Up to a point, Russell succeeds in this much at least. Her characters are appealing and mostly believable (though one could wish that Sandoz were less physically attractive, a cheap way of causing other characters to pay attention to him). In going against the black-robed martinet stereotype of Jesuit explorers, Russell works very hard to humanize her characters and provides down-to-earth touches that will be recognized by anyone with a passing acquaintance with these “men astutely trained.” (When The Sparrow was published, “Mary Doria Russell” was assumed by some in the Society of Jesus to be the pseudonym of a Jesuit author.) We never doubt that Sandoz has found his calling in the Society of Jesus, or that he is a complex, difficult and charismatic man. We thus take it personally when Sandoz pays with rather a lot for his calling, as did Iñigo Loyola, Jacques Brébeuf and Isaac Jogues among the Hurons, and the Jesuits of Frenchman’s Bay. In a sequel, The Children of God, Russell allows for Sandoz to find some healing, but for many readers the tragedy Sandoz suffers in The Sparrow will remain the last word. Russell cannot be accused of not hitting us hard.
However, there are other difficulties. Fraser spells many of them out, and chief among them is the fact that in order to transcend mere pathos, some lasting intellectual grasp on what is at issue is required for us to absorb scenes of violation with more than a native emotional reaction. No more than the latter may be required for a work to be memorable, of course, if the content is memorable by definition. It is possible then to create scenes that have tremendous inherent power and get away with limited control over one’s theme. But the price is that one might well lose the audience’s long-term mindfulness of what they have seen happen. Fraser has commented that “the expendable figures in movies are in a sense almost always ‘natural’ victims, so that the violences are in some way felt to be appropriate.” His observation here feeds into the main theme of his brilliant essay, that “altogether there are extremely few entertainments that are violent in truly shocking ways… One almost never has to avert one’s eyes or make an effort not to lay down the book; rather, one waits with fascination for what is coming next, and one is entertained.”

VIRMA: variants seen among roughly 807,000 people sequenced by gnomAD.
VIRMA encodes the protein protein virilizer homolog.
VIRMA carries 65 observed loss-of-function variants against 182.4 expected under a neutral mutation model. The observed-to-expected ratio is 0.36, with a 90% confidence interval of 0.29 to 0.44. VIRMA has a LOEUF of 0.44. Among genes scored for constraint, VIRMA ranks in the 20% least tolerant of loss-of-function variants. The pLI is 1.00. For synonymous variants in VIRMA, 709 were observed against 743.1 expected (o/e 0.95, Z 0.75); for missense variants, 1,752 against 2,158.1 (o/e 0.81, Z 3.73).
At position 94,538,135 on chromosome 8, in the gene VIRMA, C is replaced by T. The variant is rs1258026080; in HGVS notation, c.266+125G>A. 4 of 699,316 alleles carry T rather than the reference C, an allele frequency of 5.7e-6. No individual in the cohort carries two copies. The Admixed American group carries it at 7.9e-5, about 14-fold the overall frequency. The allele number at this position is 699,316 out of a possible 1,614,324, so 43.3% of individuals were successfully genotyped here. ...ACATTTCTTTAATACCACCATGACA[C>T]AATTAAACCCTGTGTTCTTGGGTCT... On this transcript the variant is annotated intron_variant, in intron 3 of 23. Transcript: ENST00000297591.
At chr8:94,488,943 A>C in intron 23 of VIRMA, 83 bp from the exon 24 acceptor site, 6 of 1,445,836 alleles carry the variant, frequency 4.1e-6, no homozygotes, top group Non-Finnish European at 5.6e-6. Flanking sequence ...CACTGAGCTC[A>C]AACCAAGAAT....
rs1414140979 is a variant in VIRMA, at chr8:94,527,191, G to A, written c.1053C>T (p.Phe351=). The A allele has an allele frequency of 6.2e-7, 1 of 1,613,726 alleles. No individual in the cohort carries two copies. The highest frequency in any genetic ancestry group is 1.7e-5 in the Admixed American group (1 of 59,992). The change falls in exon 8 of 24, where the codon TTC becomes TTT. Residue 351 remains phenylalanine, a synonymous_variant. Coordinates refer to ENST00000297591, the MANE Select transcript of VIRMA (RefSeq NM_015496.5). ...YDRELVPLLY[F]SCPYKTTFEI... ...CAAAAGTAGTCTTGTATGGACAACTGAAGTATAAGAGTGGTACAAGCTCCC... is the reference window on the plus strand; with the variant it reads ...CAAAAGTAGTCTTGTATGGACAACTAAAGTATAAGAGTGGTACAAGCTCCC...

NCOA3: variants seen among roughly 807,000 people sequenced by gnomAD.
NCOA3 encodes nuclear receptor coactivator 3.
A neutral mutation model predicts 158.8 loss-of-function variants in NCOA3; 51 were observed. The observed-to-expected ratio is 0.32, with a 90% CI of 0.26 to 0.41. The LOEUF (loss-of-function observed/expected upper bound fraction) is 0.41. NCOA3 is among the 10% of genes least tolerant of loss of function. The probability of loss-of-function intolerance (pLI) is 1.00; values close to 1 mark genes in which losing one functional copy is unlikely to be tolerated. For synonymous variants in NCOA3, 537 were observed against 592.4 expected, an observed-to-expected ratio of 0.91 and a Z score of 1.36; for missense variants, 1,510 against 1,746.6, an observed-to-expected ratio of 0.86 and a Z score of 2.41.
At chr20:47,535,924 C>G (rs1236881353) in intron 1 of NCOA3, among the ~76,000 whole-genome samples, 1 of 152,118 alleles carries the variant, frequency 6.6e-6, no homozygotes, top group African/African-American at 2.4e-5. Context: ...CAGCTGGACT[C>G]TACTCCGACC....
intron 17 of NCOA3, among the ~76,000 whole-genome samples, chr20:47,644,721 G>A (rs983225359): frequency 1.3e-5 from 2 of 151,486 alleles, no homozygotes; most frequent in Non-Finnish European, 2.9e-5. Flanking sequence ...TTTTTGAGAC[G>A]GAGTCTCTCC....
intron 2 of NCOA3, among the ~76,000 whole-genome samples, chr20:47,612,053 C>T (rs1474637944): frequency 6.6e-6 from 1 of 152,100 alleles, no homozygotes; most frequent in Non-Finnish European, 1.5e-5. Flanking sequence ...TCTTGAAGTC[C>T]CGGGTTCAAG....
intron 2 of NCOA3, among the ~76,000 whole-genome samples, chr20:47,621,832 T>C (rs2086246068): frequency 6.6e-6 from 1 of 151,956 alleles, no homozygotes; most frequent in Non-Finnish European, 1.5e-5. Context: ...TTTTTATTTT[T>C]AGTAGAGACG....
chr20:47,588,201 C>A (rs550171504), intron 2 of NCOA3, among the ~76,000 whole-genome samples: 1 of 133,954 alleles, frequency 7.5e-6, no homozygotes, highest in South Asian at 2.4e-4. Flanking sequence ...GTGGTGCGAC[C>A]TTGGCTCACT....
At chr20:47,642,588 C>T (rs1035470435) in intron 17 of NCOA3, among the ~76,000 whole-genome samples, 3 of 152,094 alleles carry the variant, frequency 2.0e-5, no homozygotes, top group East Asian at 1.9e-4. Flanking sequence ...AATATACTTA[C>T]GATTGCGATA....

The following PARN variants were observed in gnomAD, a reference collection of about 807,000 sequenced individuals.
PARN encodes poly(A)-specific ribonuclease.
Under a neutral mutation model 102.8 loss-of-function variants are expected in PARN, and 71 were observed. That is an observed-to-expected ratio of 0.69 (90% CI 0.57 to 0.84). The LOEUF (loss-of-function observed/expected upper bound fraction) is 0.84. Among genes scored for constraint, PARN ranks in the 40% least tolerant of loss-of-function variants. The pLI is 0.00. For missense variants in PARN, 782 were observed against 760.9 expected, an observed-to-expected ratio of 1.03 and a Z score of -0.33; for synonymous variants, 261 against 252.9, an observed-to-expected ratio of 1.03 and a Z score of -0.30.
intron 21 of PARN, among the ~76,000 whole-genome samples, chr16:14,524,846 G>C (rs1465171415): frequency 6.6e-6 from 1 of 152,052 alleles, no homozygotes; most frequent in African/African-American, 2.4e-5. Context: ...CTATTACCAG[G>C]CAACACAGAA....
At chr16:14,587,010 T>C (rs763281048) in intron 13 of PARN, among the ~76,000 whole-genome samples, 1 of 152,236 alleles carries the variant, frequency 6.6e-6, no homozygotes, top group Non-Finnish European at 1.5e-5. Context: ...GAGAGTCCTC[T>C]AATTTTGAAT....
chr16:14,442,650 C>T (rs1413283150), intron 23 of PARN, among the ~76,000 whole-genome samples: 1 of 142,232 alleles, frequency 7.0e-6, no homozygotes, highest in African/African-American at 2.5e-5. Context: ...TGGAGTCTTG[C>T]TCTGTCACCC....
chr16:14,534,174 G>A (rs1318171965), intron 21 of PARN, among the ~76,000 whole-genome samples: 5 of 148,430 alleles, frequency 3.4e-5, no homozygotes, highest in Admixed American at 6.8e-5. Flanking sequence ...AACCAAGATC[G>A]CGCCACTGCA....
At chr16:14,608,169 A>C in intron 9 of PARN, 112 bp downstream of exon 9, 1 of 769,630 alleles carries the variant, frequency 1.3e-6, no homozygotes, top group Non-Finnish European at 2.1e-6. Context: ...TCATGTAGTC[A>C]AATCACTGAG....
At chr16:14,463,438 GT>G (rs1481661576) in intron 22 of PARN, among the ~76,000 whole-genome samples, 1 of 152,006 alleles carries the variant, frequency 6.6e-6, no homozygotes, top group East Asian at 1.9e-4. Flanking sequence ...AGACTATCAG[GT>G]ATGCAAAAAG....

This is particularly so if the setting is foreign to the audience: “The trouble with second- or third-rate ‘serious’ artists is that they provide enough information to emphasize the differentness of the people or peoples they are talking about or filming (unlike, say, the Sheik or Sarong kind of Hollywood movie in which one is patently never out of Southern California) but not enough to make the breakthrough into real empathy possible.” The effect may be seen in films and fictions set in faraway, Orientalized nations, where we know people do things differently and at times unpleasantly, and it’s quite au courant to show things — a woman being stoned to death, a man being decapitated — that would take the audience a long time to get over if they occurred in Manhattan. This is the ultimate risk incurred by the twenty-first-century writer handling folkloristic themes. The reality of the material, usually on some level a matter of life and death, is easy to gloss over and package for consumption by emphasizing its alienness and the narrative tropes by which outsiders tend to grasp difference. In addition, once a motif has become folkloristic (a judgment usually made by outsiders to a culture), it’s all the easier to ignore the ways in which for insiders it was, and is, serious business.